Israel has learned that peace can only be achieved if it remains strong and prepared to defend itself, Prime Minister Benjamin Netanyahu said Sunday.
“Over the years, we have learned that the olive branch of peace will be achieved only if we remain strong, only if we are prepared to defend ourselves in the same way our fallen soldiers did at this site,” he told a ceremony in honor of Memorial Day at Jerusalem’s Ammunition Hill.
“They attacked from this site and other hills not out of lust for war, but out of belief in the righteousness of the goal of defending the Jewish people’s one and only country.”
Netanyahu also stressed the importance of Jerusalem, saying, “Twice we have paid a heavy price to relieve the siege on Jerusalem – the first time during the War of Independence, and the second time when the city was bombarded during the Six-Day War. Jerusalem, which was then a withered, divided city, has returned to being a city full of life.”
Since those wars, he added, not a day has passed on which Israel did not extend its hand in peace to its neighbors, “and our hand is still outstretched.”
Netanyahu said that Memorial Day and Independence Day are inextricably linked. “We know that the first part is not possible without the second part,” he said. “I wish it were different.”
At 8 P.M. last night, Israel fell silent for one minute as sirens wailed across the country to mark the start of Memorial Day. President Shimon Peres then lit a memorial flame at the official ceremony at the Western Wall plaza in Jerusalem and addressed Israel’s bereaved families, saying that Israel seeks peace, but will defend itself in case of war.
“On this blessed occasion, I want to say in the name of the state of Israel at large: We do not seek war,” Peres told the families. “We are a nation that yearns for peace, but knows, and will always know, how to defend itself.”
Nothing, he told that families, can compensate for the loss of a loved one. “I am aware that nothing can compensate for the sound of your son’s steps, which you expect to hear on the staircase, but have suddenly gone silent,” Peres said. “Facing your tormented eyes, I am at a loss for words.”
However, he added, “Israel’s strength springs from the strength of its faith, and its greatness emanates from the heroism of its sons. Today we grieve for their loss and are blessed by their legacy.”
Noting that Israel still faces threats, he warned those who seek to harm it not to “belittle our capabilities.”
“There are still those who wish to annihilate us,” Peres said. “At their head is the autocratic Iranian regime that seeks to impose its rule on the Middle East, silence it with lethal weapons and launch an anti-Israel incitement campaign to deflect Arab fears.”
Though alone among the nations, he continued, “we had the good fortune to have sons that defended us with great courage. Alone we won seven wars, and emerged from them stronger and more determined.
“We are a democratic country, with many divisions and chasms, internal disagreements and wrangling, yet we are also a nation that knows how to stand united and put aside the bickering in times of need, to defend itself and inflict a resounding defeat on those who wish to destroy us.”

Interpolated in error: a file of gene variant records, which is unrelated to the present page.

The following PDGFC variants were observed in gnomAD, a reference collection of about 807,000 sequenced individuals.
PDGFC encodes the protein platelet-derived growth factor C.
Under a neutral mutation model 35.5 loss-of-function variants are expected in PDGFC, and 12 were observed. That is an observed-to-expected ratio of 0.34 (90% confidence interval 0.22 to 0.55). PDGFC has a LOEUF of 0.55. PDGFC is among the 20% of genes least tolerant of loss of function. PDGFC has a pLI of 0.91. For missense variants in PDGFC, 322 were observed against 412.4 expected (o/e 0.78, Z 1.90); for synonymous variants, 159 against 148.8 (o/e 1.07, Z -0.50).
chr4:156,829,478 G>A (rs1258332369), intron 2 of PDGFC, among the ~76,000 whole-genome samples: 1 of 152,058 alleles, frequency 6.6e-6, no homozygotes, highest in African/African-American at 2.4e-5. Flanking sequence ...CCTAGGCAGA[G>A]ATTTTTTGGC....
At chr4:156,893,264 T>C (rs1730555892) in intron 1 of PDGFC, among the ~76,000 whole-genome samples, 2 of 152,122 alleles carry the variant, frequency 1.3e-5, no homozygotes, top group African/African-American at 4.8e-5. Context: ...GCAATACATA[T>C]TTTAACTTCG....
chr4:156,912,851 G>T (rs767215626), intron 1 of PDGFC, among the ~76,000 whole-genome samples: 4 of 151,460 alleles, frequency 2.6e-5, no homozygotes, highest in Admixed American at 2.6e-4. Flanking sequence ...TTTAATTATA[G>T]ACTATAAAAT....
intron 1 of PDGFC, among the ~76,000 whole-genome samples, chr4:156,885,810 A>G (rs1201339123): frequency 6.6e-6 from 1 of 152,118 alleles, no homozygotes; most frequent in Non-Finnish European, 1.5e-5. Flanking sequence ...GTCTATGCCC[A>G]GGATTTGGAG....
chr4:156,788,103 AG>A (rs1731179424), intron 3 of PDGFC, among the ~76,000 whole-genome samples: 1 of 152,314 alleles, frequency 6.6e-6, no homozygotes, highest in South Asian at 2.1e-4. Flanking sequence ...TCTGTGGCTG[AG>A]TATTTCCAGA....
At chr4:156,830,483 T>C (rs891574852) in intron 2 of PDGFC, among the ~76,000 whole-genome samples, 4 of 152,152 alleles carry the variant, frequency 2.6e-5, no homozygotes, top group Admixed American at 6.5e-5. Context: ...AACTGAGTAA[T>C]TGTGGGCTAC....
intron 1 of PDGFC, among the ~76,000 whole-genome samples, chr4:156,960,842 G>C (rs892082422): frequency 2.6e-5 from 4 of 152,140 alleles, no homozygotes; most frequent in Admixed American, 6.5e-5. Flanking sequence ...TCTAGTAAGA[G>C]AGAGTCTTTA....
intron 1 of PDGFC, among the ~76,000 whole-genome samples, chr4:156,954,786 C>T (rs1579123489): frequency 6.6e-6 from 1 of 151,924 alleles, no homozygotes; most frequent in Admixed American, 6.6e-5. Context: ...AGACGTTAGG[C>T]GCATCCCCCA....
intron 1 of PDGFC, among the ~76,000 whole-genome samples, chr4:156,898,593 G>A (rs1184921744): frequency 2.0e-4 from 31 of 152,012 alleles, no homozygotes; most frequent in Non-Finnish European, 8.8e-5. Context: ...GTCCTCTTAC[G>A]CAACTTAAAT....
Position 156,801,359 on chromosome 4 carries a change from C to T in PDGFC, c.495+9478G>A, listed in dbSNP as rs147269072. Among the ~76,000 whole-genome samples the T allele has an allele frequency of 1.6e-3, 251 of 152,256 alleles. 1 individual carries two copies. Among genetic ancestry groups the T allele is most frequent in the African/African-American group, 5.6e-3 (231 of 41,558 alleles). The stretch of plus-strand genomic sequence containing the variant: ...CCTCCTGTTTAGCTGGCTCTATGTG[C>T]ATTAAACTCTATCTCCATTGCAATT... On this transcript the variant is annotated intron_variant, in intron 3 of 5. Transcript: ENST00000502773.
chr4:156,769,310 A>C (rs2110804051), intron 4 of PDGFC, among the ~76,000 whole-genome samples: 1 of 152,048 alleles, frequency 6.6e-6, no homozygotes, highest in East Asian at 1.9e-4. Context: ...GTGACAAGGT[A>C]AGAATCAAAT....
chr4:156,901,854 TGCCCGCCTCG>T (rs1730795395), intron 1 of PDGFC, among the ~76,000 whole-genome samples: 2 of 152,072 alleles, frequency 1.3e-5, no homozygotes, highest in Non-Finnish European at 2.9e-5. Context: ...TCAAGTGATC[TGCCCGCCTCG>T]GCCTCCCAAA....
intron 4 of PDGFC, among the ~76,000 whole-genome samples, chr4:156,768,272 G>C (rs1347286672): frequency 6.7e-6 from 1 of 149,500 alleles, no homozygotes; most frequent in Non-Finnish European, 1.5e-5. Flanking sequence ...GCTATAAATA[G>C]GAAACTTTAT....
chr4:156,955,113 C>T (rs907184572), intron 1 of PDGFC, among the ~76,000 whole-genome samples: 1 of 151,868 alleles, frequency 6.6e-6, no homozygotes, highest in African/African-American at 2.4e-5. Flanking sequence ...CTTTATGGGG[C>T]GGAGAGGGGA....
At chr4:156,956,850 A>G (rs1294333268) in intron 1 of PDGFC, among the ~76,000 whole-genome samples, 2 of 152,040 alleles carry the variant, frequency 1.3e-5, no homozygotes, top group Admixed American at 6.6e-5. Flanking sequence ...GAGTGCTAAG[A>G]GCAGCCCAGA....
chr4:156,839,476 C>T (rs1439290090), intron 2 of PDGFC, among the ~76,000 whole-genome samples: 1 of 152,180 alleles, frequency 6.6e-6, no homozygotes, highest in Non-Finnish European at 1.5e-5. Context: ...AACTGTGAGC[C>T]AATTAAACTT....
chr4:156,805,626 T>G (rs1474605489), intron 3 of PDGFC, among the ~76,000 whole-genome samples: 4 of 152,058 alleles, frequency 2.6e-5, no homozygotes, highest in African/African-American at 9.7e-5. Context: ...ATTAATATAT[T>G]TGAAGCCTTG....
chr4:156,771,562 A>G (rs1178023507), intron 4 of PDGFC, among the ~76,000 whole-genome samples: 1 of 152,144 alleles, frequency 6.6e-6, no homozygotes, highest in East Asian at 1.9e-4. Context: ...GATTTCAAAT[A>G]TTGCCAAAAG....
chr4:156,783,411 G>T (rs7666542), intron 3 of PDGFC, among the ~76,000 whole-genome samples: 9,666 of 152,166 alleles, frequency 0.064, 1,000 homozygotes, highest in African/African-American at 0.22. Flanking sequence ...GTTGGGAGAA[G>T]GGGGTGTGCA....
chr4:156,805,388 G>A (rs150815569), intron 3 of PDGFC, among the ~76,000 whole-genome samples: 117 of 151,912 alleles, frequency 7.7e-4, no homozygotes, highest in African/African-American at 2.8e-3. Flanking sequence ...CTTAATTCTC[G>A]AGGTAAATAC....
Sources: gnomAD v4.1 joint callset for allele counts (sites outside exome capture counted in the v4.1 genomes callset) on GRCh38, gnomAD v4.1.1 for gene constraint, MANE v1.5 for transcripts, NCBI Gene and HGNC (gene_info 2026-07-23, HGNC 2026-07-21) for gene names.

He ended by thanking all those who have defended Israel and their families. “We want to express our gratitude, from the bottom of our hearts, to the youths who are no more, whom you raised and in whom you instilled the values that made them what they were until their last breath,” he concluded. “It is their courage that gave our people the strength to face the challenges ahead – not to fear the enemy, not to cease building, not to lose faith in the peace to come. And it will come.”
Israel Defense Forces Chief of Staff Gabi Ashkenazi spoke after Peres, telling the families he understands their pain over having lost loved ones. He said every Israeli must ask himself if he has done enough for the country, and urged Israelis to foster unity and tolerance.
At other ceremonies throughout the country, such as Tel Aviv’s annual “Singing in the Square,” dozens of musicians and artists performed. There were also several alternative ceremonies commemorating both Arab and Jewish casualties.
Earlier yesterday, Defense Minister Ehud Barak said a peace agreement establishing a Palestinian state is necessary to preserve Israel’s Jewish majority.
“The challenge of our generation is to turn Israel in the coming decades into an exemplary society worthy of the dreams and sacrifices of our fallen ones,” he told a Memorial Day ceremony at Tel Aviv University.
Israel, he continued, must defend itself uncompromisingly, but must also seek an agreement with the Palestinians. “Such an agreement is critical to national security, as only it will ensure a solid Jewish majority for generations, with clear borders and an end to the conflict,” he said.
Monday, a two-minute siren will sound at 11 A.M., to be followed by services in 43 military cemeteries. The 24-hour commemoration ends Monday, when Independence Day celebrations will begin throughout the country.
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